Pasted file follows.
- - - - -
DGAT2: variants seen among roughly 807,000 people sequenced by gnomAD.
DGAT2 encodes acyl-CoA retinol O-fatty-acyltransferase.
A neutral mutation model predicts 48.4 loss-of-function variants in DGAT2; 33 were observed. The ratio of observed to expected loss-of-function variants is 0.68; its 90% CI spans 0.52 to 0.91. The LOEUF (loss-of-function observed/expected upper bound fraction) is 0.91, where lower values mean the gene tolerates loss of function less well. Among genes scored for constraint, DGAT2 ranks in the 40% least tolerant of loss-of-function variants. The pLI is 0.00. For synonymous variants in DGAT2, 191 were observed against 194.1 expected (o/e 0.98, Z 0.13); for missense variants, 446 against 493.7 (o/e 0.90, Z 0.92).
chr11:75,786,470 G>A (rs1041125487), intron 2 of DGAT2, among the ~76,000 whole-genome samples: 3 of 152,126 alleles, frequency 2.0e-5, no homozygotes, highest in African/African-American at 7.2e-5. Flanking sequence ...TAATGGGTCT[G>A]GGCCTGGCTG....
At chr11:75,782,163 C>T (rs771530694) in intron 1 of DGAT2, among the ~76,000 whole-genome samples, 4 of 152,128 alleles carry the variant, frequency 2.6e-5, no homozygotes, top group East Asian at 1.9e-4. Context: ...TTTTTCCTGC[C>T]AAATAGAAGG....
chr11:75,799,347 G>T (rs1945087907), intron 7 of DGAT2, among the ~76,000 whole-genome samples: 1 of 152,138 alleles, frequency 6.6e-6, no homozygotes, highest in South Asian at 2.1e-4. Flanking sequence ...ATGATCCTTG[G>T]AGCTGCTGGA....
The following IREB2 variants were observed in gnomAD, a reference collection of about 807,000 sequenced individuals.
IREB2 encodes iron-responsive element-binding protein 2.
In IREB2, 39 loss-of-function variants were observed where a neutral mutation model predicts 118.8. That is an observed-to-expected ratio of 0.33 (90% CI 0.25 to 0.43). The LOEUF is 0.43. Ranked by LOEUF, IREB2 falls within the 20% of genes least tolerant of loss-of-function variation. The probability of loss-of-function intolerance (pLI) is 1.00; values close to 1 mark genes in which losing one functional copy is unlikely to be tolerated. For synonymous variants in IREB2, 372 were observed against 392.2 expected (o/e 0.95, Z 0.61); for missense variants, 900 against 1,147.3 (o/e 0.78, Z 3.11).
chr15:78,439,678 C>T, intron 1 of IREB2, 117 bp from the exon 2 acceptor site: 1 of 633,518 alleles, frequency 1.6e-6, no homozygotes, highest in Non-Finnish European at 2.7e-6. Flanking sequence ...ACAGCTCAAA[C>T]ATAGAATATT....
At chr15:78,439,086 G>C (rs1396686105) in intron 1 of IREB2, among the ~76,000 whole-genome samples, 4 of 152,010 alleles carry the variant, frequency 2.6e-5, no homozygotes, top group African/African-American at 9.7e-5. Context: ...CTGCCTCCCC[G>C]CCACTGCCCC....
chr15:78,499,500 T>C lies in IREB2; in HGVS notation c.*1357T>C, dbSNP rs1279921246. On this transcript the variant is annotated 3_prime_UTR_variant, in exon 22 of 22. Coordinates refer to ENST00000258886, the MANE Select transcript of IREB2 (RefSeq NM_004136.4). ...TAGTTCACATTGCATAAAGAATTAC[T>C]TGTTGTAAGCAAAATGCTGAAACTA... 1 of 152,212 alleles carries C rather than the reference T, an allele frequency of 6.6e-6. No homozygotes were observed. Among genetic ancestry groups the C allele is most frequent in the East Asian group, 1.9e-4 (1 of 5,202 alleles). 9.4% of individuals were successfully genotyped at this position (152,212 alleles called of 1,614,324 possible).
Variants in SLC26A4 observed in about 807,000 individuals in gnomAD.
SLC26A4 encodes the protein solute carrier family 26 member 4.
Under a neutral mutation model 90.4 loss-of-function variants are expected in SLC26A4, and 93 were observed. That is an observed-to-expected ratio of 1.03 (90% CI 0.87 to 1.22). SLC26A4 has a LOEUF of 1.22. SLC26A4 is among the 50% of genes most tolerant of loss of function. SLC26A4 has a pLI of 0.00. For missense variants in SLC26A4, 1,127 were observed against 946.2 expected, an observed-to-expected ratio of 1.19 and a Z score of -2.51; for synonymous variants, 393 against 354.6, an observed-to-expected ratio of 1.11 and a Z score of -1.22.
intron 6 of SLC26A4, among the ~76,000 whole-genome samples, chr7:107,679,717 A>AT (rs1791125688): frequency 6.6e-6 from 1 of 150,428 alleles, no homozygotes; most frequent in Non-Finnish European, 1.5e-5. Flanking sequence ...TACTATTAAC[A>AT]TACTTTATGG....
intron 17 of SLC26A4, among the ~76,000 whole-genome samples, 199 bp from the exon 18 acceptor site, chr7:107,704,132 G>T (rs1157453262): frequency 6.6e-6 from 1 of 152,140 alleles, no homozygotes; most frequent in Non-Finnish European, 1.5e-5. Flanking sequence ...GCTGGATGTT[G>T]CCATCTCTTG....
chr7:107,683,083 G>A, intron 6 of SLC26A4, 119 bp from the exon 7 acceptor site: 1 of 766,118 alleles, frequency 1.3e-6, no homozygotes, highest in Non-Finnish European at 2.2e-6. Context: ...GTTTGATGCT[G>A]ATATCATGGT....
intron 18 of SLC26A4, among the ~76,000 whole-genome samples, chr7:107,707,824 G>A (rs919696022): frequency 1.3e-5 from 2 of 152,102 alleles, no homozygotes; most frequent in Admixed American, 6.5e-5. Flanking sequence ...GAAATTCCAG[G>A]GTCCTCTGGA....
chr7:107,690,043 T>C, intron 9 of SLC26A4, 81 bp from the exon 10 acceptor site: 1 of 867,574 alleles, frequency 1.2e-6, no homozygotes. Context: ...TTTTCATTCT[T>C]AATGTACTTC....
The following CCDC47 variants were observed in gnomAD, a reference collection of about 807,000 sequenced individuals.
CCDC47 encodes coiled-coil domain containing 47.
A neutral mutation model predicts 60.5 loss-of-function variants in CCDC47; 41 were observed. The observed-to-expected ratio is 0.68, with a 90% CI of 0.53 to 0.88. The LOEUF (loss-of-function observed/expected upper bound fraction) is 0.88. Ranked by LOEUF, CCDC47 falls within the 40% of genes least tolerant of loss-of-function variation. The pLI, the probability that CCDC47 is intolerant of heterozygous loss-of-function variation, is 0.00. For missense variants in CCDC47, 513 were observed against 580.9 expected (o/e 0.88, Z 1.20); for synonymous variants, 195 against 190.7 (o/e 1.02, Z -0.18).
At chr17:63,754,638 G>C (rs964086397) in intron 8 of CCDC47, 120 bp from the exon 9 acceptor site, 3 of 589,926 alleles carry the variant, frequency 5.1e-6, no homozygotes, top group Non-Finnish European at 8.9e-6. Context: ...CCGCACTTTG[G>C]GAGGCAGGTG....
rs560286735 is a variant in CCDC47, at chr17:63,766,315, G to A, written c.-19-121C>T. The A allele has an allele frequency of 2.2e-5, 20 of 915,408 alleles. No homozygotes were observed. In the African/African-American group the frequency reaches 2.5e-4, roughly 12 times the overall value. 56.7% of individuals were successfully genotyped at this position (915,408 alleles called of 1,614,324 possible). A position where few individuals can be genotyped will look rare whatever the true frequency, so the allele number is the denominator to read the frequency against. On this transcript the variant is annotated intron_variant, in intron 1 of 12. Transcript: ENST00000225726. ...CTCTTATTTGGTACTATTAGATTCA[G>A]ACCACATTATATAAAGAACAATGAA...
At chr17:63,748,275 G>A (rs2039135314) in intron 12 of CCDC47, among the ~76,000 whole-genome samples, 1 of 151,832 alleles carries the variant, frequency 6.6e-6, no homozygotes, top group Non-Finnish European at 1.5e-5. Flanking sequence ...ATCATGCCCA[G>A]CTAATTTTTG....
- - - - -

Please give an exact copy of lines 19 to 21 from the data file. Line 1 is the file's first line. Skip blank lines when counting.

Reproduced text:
intron 18 of SLC26A4, among the ~76,000 whole-genome samples, chr7:107,707,824 G>A (rs919696022): frequency 1.3e-5 from 2 of 152,102 alleles, no homozygotes; most frequent in Admixed American, 6.5e-5. Flanking sequence ...GAAATTCCAG[G>A]GTCCTCTGGA....
chr7:107,690,043 T>C, intron 9 of SLC26A4, 81 bp from the exon 10 acceptor site: 1 of 867,574 alleles, frequency 1.2e-6, no homozygotes. Context: ...TTTTCATTCT[T>C]AATGTACTTC....
The following CCDC47 variants were observed in gnomAD, a reference collection of about 807,000 sequenced individuals.